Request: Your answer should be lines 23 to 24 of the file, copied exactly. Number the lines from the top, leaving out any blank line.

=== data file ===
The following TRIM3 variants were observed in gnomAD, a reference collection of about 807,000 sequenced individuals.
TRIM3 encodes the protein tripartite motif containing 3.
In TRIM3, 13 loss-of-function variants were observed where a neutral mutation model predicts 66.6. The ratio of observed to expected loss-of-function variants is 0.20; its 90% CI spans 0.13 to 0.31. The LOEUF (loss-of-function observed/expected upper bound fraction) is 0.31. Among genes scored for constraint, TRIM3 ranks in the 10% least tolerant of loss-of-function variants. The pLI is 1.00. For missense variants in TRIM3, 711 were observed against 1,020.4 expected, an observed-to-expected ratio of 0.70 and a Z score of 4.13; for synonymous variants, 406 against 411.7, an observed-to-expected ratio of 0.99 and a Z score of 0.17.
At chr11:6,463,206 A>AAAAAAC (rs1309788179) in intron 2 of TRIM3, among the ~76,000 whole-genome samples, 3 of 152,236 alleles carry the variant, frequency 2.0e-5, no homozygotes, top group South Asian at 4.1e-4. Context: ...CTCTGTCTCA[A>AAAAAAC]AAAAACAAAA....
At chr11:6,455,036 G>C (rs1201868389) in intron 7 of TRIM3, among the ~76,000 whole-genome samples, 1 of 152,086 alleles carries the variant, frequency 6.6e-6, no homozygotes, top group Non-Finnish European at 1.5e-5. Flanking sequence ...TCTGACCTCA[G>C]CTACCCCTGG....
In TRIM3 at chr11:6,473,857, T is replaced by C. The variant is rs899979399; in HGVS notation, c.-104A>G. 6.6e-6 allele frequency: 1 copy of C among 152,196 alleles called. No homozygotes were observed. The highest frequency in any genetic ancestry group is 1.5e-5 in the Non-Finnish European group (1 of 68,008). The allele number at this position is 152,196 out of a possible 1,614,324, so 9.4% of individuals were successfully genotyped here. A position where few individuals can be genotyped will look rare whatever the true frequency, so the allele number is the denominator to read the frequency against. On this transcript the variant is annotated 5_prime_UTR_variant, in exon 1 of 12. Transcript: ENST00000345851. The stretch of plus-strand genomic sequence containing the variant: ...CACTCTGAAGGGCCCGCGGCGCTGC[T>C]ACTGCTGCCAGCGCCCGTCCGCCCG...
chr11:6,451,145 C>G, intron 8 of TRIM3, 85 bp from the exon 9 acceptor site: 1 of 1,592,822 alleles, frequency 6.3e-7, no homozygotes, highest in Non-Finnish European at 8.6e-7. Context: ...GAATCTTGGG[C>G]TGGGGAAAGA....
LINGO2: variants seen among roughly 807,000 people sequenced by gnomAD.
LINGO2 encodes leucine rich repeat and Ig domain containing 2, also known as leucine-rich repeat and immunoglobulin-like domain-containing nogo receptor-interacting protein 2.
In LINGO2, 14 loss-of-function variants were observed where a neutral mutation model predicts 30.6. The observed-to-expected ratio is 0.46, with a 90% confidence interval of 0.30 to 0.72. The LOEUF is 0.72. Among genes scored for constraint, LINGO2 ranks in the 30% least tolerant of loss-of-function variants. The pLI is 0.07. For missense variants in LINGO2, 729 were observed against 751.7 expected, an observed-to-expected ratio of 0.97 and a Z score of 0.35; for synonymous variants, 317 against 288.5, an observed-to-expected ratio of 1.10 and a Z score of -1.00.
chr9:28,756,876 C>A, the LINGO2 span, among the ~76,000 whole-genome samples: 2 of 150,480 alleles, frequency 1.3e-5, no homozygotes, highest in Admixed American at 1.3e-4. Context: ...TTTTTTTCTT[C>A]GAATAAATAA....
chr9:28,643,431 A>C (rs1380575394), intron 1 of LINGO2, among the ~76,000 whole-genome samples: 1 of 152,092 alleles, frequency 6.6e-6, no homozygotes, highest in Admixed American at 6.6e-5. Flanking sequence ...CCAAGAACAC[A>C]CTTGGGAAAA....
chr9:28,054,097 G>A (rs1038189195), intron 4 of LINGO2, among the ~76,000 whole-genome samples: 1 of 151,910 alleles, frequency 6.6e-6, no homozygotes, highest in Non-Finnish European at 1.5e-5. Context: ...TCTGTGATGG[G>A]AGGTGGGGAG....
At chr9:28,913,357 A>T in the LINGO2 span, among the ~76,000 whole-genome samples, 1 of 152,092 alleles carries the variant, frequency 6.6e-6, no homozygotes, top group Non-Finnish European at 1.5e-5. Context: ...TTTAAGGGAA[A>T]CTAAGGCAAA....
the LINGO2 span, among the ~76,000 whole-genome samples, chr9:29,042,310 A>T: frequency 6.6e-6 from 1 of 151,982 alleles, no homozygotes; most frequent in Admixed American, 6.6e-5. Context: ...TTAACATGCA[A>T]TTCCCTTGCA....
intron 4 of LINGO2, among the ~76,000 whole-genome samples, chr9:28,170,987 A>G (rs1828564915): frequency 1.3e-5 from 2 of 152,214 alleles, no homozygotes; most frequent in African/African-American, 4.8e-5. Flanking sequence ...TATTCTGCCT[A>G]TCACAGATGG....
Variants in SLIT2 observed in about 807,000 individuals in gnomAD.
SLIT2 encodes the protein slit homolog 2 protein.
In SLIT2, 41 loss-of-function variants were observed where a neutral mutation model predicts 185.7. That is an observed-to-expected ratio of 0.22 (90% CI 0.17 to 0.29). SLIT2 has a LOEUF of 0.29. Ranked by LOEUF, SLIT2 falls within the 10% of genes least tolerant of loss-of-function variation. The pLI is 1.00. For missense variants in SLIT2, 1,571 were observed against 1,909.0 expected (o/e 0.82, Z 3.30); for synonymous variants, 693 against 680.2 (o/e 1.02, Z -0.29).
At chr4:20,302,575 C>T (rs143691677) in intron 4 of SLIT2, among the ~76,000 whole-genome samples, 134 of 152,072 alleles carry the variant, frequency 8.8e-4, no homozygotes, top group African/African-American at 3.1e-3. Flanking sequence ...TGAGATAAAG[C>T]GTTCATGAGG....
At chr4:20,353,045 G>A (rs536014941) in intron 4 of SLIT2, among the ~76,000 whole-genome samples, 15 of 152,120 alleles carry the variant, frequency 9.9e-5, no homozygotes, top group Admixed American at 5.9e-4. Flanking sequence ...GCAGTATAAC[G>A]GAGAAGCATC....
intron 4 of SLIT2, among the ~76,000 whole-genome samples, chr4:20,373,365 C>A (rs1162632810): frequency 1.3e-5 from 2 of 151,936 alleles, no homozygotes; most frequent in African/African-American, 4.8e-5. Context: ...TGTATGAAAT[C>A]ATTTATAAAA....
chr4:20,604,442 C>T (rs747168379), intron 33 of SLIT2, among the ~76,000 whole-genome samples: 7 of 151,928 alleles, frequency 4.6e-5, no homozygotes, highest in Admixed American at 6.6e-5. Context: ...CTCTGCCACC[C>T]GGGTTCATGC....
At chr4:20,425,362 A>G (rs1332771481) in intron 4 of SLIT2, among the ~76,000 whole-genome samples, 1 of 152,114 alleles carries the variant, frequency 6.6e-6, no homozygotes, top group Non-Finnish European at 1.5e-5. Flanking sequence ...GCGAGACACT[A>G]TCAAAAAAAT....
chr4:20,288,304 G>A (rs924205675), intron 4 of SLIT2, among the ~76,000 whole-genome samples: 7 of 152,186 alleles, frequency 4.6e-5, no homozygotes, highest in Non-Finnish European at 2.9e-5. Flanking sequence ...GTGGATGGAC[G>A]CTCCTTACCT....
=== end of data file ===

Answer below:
chr4:20,604,442 C>T (rs747168379), intron 33 of SLIT2, among the ~76,000 whole-genome samples: 7 of 151,928 alleles, frequency 4.6e-5, no homozygotes, highest in Admixed American at 6.6e-5. Context: ...CTCTGCCACC[C>T]GGGTTCATGC....
At chr4:20,425,362 A>G (rs1332771481) in intron 4 of SLIT2, among the ~76,000 whole-genome samples, 1 of 152,114 alleles carries the variant, frequency 6.6e-6, no homozygotes, top group Non-Finnish European at 1.5e-5. Flanking sequence ...GCGAGACACT[A>G]TCAAAAAAAT....